There are a bunch of formats out there for docstrings, most are supported by and can be rendered in PyCharm. This page gives a nice overview of the different formats. I use ReStructuredText strings just because they're natively supported by Sphinx which I use in other types of projects. They look something like this:

def create_app():
    Creates an application instance to run
    :return: A Flask object
    return Flask(__name__)
Enter fullscreen mode Exit fullscreen mode

Type Annotations

I cannot stress how important I think type annotations are. Python's dynamic typing system is awesome and makes writing code very fast. However, it can easily lead you to making simple mistakes as your project becomes more complex. I type hint all the things so that PyCharm can tell me when I'm doing something dumb (like forgetting a return somewhere) and so a static analysis tool (like mypy) can catch some common bugs. The type annotation for our create_app function looks like this:

def create_app() -> Flask:
Enter fullscreen mode Exit fullscreen mode

Test Driven Development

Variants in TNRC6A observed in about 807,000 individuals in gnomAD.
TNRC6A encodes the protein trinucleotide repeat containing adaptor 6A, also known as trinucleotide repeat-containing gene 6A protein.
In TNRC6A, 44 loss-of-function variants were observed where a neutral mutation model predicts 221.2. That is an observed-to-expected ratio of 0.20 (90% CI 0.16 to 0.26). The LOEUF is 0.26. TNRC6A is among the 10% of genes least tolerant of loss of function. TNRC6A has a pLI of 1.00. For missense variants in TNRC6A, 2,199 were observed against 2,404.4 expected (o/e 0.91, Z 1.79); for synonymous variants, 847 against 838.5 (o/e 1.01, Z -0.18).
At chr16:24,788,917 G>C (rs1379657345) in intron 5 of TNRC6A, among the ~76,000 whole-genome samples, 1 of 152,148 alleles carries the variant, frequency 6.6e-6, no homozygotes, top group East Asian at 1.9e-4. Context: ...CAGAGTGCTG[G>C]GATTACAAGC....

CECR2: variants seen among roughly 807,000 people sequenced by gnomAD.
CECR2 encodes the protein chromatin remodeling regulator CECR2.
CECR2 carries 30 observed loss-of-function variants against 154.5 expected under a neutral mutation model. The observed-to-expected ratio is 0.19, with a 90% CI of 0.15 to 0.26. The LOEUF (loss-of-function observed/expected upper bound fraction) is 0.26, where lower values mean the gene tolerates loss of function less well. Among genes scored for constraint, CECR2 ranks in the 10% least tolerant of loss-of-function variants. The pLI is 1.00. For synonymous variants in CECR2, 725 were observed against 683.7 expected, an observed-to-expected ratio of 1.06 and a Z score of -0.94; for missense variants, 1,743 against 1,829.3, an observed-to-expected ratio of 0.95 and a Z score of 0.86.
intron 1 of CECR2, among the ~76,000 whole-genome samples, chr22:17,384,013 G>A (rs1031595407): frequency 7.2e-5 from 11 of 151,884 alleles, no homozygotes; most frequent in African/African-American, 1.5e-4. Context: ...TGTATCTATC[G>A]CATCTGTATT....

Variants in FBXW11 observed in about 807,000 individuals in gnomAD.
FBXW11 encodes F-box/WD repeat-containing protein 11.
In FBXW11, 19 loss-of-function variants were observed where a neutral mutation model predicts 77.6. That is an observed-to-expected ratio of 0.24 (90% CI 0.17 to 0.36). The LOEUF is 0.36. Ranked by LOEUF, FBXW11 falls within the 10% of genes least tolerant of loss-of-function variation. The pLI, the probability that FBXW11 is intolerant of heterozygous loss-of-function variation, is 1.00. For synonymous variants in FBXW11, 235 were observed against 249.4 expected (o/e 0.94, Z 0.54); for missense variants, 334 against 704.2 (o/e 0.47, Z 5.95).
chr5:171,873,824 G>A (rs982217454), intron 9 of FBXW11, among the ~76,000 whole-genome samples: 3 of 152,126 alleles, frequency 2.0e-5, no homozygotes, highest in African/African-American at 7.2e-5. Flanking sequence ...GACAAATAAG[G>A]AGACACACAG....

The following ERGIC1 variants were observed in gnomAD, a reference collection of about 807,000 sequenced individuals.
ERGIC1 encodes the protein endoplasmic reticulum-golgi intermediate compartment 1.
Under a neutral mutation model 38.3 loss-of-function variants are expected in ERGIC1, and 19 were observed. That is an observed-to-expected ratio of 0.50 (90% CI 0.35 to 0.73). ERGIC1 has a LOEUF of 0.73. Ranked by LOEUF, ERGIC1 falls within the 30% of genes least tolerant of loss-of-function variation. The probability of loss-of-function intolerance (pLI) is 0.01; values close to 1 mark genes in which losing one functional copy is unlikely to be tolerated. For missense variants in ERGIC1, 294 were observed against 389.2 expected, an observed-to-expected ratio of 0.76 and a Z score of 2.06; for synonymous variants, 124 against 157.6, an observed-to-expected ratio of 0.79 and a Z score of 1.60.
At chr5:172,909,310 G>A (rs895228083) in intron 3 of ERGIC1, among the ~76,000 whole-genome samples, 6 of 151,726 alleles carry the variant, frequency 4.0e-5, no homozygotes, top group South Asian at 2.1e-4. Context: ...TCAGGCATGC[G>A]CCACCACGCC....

Test Driven Development, or TDD, is very simply the act of writing tests for your code before you write the code itself. There are entire books written on why this is a good idea, but very simply, this is why I do it:

  • You always know when you're done
  • You can refactor with more confidence
  • Helps you to think through edge cases and unhappy paths before you start
  • Encourages modular and decoupled designs


In order to write tests, you need to use some sort of framework. There is one included in the Python standard library called "Unittest" but I much prefer pytest. There are a bunch of reasons to use it but the basics are:

  • Very little boilerplate
  • Loads of community plugins

One of the aforementioned plugins that I always use while testing Flask apps is pytest-flask which provides a bunch of useful fixtures. To get started with testing, install both pytest and pytest-flask as development dependencies.

$ poetry add -D pytest pytest-flask
Enter fullscreen mode Exit fullscreen mode

Now, if you're using PyCharm, you'll want to configure it to use pytest

  1. Open Preferences